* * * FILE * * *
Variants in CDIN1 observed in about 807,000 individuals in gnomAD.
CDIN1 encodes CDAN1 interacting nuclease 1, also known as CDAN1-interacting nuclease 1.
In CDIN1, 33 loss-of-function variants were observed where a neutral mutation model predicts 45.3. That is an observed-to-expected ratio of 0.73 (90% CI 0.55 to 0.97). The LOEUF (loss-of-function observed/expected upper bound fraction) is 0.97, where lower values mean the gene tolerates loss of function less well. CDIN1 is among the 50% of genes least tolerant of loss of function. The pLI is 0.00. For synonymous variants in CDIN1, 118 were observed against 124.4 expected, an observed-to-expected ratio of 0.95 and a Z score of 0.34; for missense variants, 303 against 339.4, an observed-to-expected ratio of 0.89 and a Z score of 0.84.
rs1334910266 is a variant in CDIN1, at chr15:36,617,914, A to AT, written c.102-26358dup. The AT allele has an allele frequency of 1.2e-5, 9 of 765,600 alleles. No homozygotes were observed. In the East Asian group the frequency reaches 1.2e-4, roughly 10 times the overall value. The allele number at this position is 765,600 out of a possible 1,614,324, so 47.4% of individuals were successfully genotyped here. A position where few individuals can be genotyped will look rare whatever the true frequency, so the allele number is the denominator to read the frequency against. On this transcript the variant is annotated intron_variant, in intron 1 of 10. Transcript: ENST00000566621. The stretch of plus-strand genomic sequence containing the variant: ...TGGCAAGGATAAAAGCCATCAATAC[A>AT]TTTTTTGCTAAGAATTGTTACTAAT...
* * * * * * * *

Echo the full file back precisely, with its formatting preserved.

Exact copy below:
Variants in CDIN1 observed in about 807,000 individuals in gnomAD.
CDIN1 encodes CDAN1 interacting nuclease 1, also known as CDAN1-interacting nuclease 1.
In CDIN1, 33 loss-of-function variants were observed where a neutral mutation model predicts 45.3. That is an observed-to-expected ratio of 0.73 (90% CI 0.55 to 0.97). The LOEUF (loss-of-function observed/expected upper bound fraction) is 0.97, where lower values mean the gene tolerates loss of function less well. CDIN1 is among the 50% of genes least tolerant of loss of function. The pLI is 0.00. For synonymous variants in CDIN1, 118 were observed against 124.4 expected, an observed-to-expected ratio of 0.95 and a Z score of 0.34; for missense variants, 303 against 339.4, an observed-to-expected ratio of 0.89 and a Z score of 0.84.
rs1334910266 is a variant in CDIN1, at chr15:36,617,914, A to AT, written c.102-26358dup. The AT allele has an allele frequency of 1.2e-5, 9 of 765,600 alleles. No homozygotes were observed. In the East Asian group the frequency reaches 1.2e-4, roughly 10 times the overall value. The allele number at this position is 765,600 out of a possible 1,614,324, so 47.4% of individuals were successfully genotyped here. A position where few individuals can be genotyped will look rare whatever the true frequency, so the allele number is the denominator to read the frequency against. On this transcript the variant is annotated intron_variant, in intron 1 of 10. Transcript: ENST00000566621. The stretch of plus-strand genomic sequence containing the variant: ...TGGCAAGGATAAAAGCCATCAATAC[A>AT]TTTTTTGCTAAGAATTGTTACTAAT...